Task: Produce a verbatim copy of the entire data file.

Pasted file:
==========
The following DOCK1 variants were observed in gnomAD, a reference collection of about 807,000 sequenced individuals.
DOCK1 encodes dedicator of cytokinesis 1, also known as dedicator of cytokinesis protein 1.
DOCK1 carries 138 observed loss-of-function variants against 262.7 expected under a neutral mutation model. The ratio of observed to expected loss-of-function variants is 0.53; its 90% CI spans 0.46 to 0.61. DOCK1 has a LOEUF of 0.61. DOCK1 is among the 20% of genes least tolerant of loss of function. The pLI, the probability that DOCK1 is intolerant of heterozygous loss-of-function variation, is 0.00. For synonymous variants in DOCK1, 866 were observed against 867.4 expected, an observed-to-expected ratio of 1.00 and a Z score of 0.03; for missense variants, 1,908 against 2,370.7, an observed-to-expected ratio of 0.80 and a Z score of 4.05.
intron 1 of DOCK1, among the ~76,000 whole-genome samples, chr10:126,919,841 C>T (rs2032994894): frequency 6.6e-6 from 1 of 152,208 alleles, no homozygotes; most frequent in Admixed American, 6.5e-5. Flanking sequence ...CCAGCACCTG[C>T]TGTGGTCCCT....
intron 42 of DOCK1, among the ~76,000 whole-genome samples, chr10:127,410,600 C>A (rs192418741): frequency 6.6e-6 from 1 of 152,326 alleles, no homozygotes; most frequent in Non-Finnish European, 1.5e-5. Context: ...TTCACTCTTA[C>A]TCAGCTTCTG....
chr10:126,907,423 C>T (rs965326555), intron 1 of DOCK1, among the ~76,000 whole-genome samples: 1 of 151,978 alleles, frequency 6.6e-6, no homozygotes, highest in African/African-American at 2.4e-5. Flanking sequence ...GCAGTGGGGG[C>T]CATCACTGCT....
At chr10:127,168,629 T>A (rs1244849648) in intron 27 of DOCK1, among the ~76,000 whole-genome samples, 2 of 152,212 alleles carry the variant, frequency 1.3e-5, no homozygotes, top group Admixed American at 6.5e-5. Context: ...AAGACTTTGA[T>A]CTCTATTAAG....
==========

The following DOCK1 variants were observed in gnomAD, a reference collection of about 807,000 sequenced individuals.
DOCK1 encodes dedicator of cytokinesis 1, also known as dedicator of cytokinesis protein 1.
DOCK1 carries 138 observed loss-of-function variants against 262.7 expected under a neutral mutation model. The ratio of observed to expected loss-of-function variants is 0.53; its 90% CI spans 0.46 to 0.61. DOCK1 has a LOEUF of 0.61. DOCK1 is among the 20% of genes least tolerant of loss of function. The pLI, the probability that DOCK1 is intolerant of heterozygous loss-of-function variation, is 0.00. For synonymous variants in DOCK1, 866 were observed against 867.4 expected, an observed-to-expected ratio of 1.00 and a Z score of 0.03; for missense variants, 1,908 against 2,370.7, an observed-to-expected ratio of 0.80 and a Z score of 4.05.
intron 1 of DOCK1, among the ~76,000 whole-genome samples, chr10:126,919,841 C>T (rs2032994894): frequency 6.6e-6 from 1 of 152,208 alleles, no homozygotes; most frequent in Admixed American, 6.5e-5. Flanking sequence ...CCAGCACCTG[C>T]TGTGGTCCCT....
intron 42 of DOCK1, among the ~76,000 whole-genome samples, chr10:127,410,600 C>A (rs192418741): frequency 6.6e-6 from 1 of 152,326 alleles, no homozygotes; most frequent in Non-Finnish European, 1.5e-5. Context: ...TTCACTCTTA[C>A]TCAGCTTCTG....
chr10:126,907,423 C>T (rs965326555), intron 1 of DOCK1, among the ~76,000 whole-genome samples: 1 of 151,978 alleles, frequency 6.6e-6, no homozygotes, highest in African/African-American at 2.4e-5. Flanking sequence ...GCAGTGGGGG[C>T]CATCACTGCT....
At chr10:127,168,629 T>A (rs1244849648) in intron 27 of DOCK1, among the ~76,000 whole-genome samples, 2 of 152,212 alleles carry the variant, frequency 1.3e-5, no homozygotes, top group Admixed American at 6.5e-5. Context: ...AAGACTTTGA[T>A]CTCTATTAAG....